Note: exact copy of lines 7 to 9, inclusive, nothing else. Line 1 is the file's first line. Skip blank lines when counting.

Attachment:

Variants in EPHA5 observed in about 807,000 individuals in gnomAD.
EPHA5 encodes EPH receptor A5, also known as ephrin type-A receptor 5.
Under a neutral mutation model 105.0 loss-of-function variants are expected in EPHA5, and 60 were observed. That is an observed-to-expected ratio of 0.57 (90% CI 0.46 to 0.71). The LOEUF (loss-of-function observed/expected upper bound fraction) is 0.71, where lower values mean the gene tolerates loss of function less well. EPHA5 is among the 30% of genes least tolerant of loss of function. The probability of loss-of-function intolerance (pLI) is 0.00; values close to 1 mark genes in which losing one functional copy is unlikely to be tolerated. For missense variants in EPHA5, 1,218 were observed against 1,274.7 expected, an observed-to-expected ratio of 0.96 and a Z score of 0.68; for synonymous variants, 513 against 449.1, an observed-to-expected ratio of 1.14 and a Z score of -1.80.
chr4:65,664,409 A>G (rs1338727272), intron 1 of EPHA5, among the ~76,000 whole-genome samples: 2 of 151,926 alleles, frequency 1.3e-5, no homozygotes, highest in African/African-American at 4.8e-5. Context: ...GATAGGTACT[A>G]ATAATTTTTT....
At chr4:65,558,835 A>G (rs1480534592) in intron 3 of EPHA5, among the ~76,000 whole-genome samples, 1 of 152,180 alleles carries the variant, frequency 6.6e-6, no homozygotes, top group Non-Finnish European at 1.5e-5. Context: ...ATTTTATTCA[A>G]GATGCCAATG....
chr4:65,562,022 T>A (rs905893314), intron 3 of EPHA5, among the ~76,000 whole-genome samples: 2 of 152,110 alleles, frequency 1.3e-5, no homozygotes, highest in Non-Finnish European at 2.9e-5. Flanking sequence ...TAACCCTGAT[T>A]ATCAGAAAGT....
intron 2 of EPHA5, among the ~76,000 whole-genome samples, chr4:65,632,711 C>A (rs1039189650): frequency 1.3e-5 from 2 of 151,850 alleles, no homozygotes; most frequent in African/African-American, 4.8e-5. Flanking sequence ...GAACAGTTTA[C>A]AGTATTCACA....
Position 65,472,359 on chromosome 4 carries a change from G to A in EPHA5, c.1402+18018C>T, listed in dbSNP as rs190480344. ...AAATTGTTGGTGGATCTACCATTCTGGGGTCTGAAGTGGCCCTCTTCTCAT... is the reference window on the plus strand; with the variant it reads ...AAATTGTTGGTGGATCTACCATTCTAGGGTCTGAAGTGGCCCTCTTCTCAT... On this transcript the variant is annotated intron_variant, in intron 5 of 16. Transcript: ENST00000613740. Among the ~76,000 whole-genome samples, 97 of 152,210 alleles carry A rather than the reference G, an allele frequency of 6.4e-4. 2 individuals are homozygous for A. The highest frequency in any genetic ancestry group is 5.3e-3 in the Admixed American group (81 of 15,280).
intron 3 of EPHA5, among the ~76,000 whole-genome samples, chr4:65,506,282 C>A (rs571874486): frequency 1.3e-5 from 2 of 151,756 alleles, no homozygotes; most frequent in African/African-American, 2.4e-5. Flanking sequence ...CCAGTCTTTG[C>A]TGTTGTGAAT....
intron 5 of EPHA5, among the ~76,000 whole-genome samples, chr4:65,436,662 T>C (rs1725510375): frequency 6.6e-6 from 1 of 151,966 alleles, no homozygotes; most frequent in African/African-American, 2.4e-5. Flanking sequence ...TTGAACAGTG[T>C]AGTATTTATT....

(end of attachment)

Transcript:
intron 2 of EPHA5, among the ~76,000 whole-genome samples, chr4:65,632,711 C>A (rs1039189650): frequency 1.3e-5 from 2 of 151,850 alleles, no homozygotes; most frequent in African/African-American, 4.8e-5. Flanking sequence ...GAACAGTTTA[C>A]AGTATTCACA....
Position 65,472,359 on chromosome 4 carries a change from G to A in EPHA5, c.1402+18018C>T, listed in dbSNP as rs190480344. ...AAATTGTTGGTGGATCTACCATTCTGGGGTCTGAAGTGGCCCTCTTCTCAT... is the reference window on the plus strand; with the variant it reads ...AAATTGTTGGTGGATCTACCATTCTAGGGTCTGAAGTGGCCCTCTTCTCAT... On this transcript the variant is annotated intron_variant, in intron 5 of 16. Transcript: ENST00000613740. Among the ~76,000 whole-genome samples, 97 of 152,210 alleles carry A rather than the reference G, an allele frequency of 6.4e-4. 2 individuals are homozygous for A. The highest frequency in any genetic ancestry group is 5.3e-3 in the Admixed American group (81 of 15,280).
intron 3 of EPHA5, among the ~76,000 whole-genome samples, chr4:65,506,282 C>A (rs571874486): frequency 1.3e-5 from 2 of 151,756 alleles, no homozygotes; most frequent in African/African-American, 2.4e-5. Flanking sequence ...CCAGTCTTTG[C>A]TGTTGTGAAT....